I love leek and potato soup, otherwise known in fancier circles as Vichyssoise. Whatever you call it, it’s delicious. You can eat it warm or cold, or if you’re like me, you can just pour some in a coffee mug and drink it all day long.
This is one of those recipes that I make by feel, and it’s been difficult to pin down formal numbers. Measurements are approximate, so feel free to adapt to your tastes.
4-5 good sized leeks
3-4 Tbsp. unsalted butter
4-5 Yukon Gold potatoes
1 qt broth (either vegetable or chicken)
1 c. heavy cream
1 c. buttermilk
salt & pepper to taste
Diced green onion or chives
Some recipes call for thyme, marjoram, dill, nutmeg, etc. I don’t add them, but you should use whatever flavors you love.
Wash leeks. Trim off roots and dark green portions. Discard. Slice white part of leeks and chop into smallish pieces.
Wash, peel, and dice potatoes.
Melt butter in a stock pot over medium heat. Add leeks and shallot, and sweat them down for about 5 min. Reduce heat and simmer until they are soft and tender (20-25 min.)
Add potatoes, broth, and optional seasonings to the pot. Increase to high heat. When the liquid starts to boil, reduce the heat to low and simmer until the potatoes are done (35-45 min.)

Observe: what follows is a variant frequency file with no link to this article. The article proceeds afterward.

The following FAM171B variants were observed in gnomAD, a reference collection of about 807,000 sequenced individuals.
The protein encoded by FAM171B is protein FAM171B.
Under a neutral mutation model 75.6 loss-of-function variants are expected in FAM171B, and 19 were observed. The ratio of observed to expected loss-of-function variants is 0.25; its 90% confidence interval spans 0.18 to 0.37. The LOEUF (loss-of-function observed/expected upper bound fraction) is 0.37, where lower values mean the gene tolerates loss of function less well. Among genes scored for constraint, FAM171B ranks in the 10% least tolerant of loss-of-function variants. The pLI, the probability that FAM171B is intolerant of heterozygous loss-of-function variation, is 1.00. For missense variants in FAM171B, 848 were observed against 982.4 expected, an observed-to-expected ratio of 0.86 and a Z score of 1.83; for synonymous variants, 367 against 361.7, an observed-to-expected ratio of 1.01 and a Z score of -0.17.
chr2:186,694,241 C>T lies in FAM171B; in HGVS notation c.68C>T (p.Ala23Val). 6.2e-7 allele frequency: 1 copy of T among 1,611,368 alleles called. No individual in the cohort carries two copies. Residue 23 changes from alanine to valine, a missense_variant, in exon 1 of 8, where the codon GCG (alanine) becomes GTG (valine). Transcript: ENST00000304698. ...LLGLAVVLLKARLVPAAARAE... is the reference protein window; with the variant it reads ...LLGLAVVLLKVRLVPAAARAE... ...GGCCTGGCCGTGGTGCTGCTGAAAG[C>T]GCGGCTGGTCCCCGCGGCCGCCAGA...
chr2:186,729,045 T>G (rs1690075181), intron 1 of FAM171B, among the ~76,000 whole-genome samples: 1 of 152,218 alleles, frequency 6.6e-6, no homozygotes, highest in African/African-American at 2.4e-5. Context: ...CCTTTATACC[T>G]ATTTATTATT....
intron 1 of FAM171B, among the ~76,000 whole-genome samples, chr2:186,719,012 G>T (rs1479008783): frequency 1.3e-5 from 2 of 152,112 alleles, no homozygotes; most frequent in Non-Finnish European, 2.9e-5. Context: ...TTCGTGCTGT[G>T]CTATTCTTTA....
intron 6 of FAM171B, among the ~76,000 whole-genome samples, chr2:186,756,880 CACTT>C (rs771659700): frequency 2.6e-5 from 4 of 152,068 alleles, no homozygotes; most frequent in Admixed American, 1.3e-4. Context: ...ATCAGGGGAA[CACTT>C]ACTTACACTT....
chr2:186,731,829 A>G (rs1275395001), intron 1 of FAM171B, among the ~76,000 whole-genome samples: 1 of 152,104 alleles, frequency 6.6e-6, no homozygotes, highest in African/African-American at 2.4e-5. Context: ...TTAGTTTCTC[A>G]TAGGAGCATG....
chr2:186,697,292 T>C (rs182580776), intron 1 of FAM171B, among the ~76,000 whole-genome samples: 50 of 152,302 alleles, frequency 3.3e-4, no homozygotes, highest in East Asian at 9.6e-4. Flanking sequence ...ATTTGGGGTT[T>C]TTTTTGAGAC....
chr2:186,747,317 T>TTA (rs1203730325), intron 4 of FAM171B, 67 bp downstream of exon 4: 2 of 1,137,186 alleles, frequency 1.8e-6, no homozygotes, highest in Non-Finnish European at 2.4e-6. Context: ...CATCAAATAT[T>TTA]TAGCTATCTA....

Turn off the stove. Remove pot from heat.
Puree the soup in the pot with an immersion blender until smooth.
Substitution Alert: If you don’t have an immersion blender, you can pour the mixture into a regular blender or food processor and go until it’s smooth. You will have to do several batches in the blender because it won’t all fit at once, so for ease of use and for less mess, I highly recommend picking up an immersion blender. They’re about $20 at Target.
Pour the cream and buttermilk into a measuring cup or container together, and give them a stir. The reason we do this is to prevent the buttermilk from curdling when it comes in contact with the warm soup.
Once the soup has cooled from boiling to warm, slowly add the cream and buttermilk mixture, blending or whisking as you pour. Mix until fully incorporated.
Taste your creation. Use a clean spoon.
Season with salt and pepper. Blend to incorporate seasoning.
Taste again. Add a little more cream/buttermilk if the soup isn’t creamy enough for you. Re-season and tweak until it’s just right.
Garnish with diced green onion or snips of chives.
Serve warm, or refrigerate and serve cold.
Preparation Note: I usually double this recipe and refrigerate the extra soup in mason jars to share with neighbors or for leftovers. If you plan to reheat the soup, do it slowly, stirring gently but continuously, so the consistency of the cream stays intact.